00:23:26 Colton Wimmer:
That's a good question. Yeah, I think like so many things, so many ideas for products. I always remember a story, one of my professors told was Kary... Kary Mullis? I think is his name, the inventor of PCR and his Nobel Prize speech was, he said something about like, driving down the back country road, you know, like with his girlfriend when all of a sudden it occurred to him that, like, PCR exists, right. And I think those sort of casual conversations, interactions. I think that's where the where the greatest innovations really happened. And in our case it wasn't much different. We were sort of just having a well, we had a contact at an existing partner company who is purchasing our stand alone device and he sort of had a bit of a background in automation and we were having a conversation with him and then there was sort of this, oh yeah, it's pretty small, I wonder if you could put this on deck of a, you know, the liquid handling system and that was sort of like, yeah, that's actually, yeah, that's a good question. And then that basically started everything internally for us like, yeah, OK, we hadn't really thought about doing that small size, it lends itself well to that type of system.
00:24:35 Colton Wimmer:
That's also one thing that that makes us a bit special is, I would say, almost an obsessive attention to detail. So especially when it comes to market feedback, we really hang on the words of every user when they talk about, you know, their assay or their device or whatever challenges they're facing. And I think in this case it wasn't any different, but that's what really allowed us to develop solutions that are aligned with the needs of our users while still leaving a little bit of room for us to, you know, really innovate and take a new approach to to whatever it is that we do so, like I said, that was definitely the background that got us thinking about that as a solution, right, or something that could be possible. And then we had to tackle all the issues and definitely take a bit of a leap of faith that it would actually work right that we could create a device with two separable units.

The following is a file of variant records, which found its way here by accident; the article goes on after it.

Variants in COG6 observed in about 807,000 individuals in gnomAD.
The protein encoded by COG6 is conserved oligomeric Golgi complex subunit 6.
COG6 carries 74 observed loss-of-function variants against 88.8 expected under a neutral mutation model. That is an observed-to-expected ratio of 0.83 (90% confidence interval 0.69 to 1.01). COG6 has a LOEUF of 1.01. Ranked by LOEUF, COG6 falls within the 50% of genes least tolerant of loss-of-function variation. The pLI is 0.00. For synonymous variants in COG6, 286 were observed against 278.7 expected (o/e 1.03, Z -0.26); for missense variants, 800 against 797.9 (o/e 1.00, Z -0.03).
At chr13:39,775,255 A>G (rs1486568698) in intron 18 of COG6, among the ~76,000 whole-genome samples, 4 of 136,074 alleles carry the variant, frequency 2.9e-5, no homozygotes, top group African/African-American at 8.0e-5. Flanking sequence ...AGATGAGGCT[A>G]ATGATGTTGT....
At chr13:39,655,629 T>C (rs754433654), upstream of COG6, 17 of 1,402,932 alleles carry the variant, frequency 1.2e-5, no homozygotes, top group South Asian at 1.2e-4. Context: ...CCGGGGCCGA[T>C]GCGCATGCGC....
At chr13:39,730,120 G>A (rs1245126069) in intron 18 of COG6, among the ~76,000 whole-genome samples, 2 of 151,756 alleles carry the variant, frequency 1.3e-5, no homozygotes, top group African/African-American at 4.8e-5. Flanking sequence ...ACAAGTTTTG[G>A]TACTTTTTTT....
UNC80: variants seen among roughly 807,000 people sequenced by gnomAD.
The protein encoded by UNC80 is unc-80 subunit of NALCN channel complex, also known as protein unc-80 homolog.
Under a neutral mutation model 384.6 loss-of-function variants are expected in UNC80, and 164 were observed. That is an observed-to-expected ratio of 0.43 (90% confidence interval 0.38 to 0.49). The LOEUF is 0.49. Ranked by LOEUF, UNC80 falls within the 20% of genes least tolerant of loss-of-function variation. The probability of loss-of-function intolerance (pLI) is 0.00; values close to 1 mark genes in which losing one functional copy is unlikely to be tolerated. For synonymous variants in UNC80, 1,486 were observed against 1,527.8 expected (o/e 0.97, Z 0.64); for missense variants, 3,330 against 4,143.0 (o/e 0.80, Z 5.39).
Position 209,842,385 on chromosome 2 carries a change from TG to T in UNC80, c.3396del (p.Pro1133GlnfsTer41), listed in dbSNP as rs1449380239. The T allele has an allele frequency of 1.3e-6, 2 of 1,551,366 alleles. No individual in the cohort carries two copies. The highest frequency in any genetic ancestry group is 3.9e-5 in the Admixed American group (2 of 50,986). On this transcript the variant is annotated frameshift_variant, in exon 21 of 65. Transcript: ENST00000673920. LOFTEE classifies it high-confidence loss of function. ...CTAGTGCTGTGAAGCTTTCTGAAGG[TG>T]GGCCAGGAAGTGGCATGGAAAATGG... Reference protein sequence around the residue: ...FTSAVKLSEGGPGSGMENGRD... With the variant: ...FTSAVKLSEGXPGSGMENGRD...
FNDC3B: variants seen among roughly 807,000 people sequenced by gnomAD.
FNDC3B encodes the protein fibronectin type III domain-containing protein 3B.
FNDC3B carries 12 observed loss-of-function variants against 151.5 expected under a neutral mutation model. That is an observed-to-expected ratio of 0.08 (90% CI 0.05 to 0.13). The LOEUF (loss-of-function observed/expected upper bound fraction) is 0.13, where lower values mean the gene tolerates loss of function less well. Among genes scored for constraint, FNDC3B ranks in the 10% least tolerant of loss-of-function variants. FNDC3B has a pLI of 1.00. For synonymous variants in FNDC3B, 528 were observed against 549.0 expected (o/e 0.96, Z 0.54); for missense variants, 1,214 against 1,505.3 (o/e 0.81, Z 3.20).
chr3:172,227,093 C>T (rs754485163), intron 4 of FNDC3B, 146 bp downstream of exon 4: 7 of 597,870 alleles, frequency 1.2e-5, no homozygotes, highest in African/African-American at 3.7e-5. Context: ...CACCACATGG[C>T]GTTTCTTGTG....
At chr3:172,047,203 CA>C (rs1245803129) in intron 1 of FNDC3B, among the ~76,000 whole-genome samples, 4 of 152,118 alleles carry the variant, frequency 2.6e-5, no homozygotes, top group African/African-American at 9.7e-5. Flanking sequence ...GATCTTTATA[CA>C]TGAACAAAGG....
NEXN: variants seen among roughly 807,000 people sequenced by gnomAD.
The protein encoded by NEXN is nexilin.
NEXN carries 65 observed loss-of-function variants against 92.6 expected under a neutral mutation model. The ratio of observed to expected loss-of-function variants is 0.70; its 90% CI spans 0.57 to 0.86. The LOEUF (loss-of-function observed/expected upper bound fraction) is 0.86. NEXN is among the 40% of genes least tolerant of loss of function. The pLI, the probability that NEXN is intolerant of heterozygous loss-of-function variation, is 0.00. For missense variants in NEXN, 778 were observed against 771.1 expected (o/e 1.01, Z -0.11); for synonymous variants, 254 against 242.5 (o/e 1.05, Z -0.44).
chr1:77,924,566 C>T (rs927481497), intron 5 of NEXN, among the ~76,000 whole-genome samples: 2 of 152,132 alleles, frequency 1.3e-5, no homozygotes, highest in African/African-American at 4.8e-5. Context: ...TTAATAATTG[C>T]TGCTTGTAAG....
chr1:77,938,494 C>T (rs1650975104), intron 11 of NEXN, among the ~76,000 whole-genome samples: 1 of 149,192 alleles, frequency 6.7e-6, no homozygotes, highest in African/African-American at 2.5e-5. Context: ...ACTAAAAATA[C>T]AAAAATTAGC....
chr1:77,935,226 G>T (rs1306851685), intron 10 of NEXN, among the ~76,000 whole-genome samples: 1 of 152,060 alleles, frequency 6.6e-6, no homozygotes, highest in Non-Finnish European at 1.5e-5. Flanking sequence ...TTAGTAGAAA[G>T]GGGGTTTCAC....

00:25:21 Colton Wimmer:
Also, you know, finding out that I guess the nature of being a somewhat smaller company as well as we can't do unlimited amounts of market research before we launch a product either, right. So sort of like, OK, we believe there's a market for this, we believe that this has potential as a product, this seems like a good idea to us. So that was sort of the original story. Buying the product, things that that really got it going and like I said, I think it's an ongoing process, right? Like I said, always focusing on whatever it is in any discussion, I think that's what's so valuable about shows like SLAS as well, right? And so it brings, despite the, you know, just like to push towards more online meetings that we've seen in the last few years, there's something about the informal nature of some of the interactions that you have with these events where yeah, I remember, I was out on a conference here in Germany, I was sitting at a table, I was eating my lunch and I was doing some work on my laptop and these two other groups of people came and they I was sitting at a big table and they asked me if, like, would you mind if we sit down and we have a business meeting that we want to do and there was no other seating in the building. So I was like yeah of course you know no worries.
00:26:32 Colton Wimmer: